A weaker than expected field for the Sandown Guineas has convinced trainer Sam Pritchard-Gordon to give stakes-placed filly Soviet Secret her shot at the $250,000 Group Two race,
Pritchard-Gordon had originally planned to run Soviet Secret in Saturday’s $120,000 Twilight Glow Stakes (1400m) for fillies at Sandown but thin nominations coupled with a track gallop which suggested she might be looking for 1600m, prompted him to aim at the richer race.
“The plan had always been to go to the Twilight Glow because she’s well-suited to fillies grade at set weights and penalties,” Pritchard-Gordon said.
“But the nominations are weak in the Guineas and her work on Monday on the course proper at Mornington was good without being sharp and if I had gone to the 1400-metre race I would have been inclined to put the blinkers on.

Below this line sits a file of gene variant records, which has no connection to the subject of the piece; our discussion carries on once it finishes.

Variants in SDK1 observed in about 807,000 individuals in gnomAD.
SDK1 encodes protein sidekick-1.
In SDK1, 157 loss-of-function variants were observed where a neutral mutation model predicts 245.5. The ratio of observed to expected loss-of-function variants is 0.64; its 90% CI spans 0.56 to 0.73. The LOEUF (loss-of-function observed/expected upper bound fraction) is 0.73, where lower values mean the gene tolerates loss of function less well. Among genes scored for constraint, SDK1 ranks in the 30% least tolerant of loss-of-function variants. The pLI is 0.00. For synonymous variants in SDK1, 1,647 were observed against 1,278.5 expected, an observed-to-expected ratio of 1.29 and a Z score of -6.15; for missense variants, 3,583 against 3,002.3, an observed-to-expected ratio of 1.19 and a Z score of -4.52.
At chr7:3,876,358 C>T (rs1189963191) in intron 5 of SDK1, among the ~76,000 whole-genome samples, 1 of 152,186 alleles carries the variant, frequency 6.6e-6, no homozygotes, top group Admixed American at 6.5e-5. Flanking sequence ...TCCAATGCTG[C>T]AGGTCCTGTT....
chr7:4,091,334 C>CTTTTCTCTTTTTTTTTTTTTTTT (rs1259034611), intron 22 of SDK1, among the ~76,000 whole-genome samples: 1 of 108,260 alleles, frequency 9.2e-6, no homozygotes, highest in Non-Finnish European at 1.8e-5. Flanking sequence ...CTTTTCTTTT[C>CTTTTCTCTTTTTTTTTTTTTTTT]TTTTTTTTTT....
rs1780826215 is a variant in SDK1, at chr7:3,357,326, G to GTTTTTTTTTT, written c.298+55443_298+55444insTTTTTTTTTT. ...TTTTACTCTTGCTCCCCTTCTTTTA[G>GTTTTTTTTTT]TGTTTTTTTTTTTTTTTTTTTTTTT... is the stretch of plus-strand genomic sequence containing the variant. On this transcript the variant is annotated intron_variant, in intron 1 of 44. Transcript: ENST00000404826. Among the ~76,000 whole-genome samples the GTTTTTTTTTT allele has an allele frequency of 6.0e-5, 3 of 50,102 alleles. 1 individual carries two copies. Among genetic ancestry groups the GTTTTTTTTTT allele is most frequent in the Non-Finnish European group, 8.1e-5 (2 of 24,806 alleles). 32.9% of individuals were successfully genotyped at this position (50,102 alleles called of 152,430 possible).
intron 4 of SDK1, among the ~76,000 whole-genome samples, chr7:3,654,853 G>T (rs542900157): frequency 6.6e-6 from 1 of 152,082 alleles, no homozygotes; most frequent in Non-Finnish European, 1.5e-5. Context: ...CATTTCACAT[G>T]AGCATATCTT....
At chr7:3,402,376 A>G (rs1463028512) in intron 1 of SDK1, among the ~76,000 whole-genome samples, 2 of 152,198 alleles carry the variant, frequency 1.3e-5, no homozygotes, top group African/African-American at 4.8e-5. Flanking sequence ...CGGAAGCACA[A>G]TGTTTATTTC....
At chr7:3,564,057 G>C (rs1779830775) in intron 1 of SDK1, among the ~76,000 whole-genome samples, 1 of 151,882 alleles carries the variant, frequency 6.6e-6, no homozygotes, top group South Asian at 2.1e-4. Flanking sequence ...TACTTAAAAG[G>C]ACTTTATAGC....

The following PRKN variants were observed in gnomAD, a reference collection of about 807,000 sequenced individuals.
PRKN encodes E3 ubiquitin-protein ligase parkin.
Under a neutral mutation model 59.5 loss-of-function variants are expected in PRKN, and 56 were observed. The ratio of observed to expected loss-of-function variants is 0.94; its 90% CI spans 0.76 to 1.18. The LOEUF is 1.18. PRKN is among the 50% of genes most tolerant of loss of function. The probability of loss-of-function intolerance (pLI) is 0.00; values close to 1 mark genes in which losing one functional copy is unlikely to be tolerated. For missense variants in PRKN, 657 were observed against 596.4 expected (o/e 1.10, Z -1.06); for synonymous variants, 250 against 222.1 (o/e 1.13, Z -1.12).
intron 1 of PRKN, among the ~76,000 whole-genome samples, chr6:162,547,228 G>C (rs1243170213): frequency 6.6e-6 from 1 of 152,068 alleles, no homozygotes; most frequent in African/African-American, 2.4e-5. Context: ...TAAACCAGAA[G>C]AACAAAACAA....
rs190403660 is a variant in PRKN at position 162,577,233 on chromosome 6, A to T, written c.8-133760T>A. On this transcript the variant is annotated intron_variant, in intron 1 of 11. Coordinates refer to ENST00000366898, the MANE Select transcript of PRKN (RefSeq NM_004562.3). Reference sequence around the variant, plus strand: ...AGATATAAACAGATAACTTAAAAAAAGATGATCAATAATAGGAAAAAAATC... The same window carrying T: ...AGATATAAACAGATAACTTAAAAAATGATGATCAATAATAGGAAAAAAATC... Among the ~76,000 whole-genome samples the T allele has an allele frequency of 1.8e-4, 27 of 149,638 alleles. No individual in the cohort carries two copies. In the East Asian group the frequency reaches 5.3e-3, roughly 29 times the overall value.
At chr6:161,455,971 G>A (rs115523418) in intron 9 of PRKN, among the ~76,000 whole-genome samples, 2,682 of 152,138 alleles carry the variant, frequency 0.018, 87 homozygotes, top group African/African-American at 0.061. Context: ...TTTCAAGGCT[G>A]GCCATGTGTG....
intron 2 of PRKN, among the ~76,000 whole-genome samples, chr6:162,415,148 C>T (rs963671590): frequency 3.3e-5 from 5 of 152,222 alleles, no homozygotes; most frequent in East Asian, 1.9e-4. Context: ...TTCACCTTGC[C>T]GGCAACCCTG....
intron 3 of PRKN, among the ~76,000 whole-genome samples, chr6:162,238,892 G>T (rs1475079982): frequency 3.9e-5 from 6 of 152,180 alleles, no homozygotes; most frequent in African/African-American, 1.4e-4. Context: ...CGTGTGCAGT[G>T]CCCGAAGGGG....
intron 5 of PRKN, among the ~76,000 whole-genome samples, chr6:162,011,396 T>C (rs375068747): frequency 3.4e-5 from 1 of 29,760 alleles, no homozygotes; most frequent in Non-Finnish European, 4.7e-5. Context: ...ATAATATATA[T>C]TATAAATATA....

“I just felt the Sandown mile, coupled with the fact that I didn’t think it was a particularly strong edition of the race, probably suited her down to the ground.”
Pritchard-Gordon said testing Soviet Secret over 1600m for the first time would also help shape the filly’s next campaign.
The Sandown Guineas has nine acceptors with Carbine Club Stakes runner-up Morton’s Fork favourite at $2.25 ahead of the in-form Darren Weir-trained filly Jennifer Lynn at $4.
Soviet Secret is at $21 after breaking through in a maiden at Pakenham last start over 1400m.
Soviet Secret was second in the Merson Cooper Stakes on debut at the corresponding Sandown meeting a year ago and was stakes-placed twice during her four-start juvenile season.
Pritchard-Gordon had hoped Soviet Secret might have been up to the Thousand Guineas earlier this spring but said she didn’t spell particularly well and he wasn’t happy with the way her earlier in her campaign.
Soviet Secret only made her return in a maiden at Cranbourne on October 7, finishing second, before her narrow win at Pakenham.
“She’s taken a while to come up this preparation, full stop, which is why we found ourselves only breaking our maiden three weeks ago,” Pritchard-Gordon said.
“But she’s finally come to hand and I’m happy with the way she’s going.”